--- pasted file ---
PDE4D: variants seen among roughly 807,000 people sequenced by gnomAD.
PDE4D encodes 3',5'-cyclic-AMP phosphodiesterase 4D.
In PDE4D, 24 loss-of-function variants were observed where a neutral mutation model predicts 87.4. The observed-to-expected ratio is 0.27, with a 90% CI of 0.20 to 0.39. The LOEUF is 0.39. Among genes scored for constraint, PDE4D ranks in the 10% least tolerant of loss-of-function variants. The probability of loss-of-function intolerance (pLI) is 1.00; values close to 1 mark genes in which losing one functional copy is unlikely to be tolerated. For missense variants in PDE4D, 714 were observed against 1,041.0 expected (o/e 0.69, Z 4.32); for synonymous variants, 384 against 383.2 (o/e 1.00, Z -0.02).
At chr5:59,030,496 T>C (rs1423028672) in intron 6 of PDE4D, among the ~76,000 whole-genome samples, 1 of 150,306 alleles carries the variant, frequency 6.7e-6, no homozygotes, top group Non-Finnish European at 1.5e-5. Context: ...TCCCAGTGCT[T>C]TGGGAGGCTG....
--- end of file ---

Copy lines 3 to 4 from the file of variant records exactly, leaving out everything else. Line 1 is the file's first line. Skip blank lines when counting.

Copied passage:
In PDE4D, 24 loss-of-function variants were observed where a neutral mutation model predicts 87.4. The observed-to-expected ratio is 0.27, with a 90% CI of 0.20 to 0.39. The LOEUF is 0.39. Among genes scored for constraint, PDE4D ranks in the 10% least tolerant of loss-of-function variants. The probability of loss-of-function intolerance (pLI) is 1.00; values close to 1 mark genes in which losing one functional copy is unlikely to be tolerated. For missense variants in PDE4D, 714 were observed against 1,041.0 expected (o/e 0.69, Z 4.32); for synonymous variants, 384 against 383.2 (o/e 1.00, Z -0.02).
At chr5:59,030,496 T>C (rs1423028672) in intron 6 of PDE4D, among the ~76,000 whole-genome samples, 1 of 150,306 alleles carries the variant, frequency 6.7e-6, no homozygotes, top group Non-Finnish European at 1.5e-5. Context: ...TCCCAGTGCT[T>C]TGGGAGGCTG....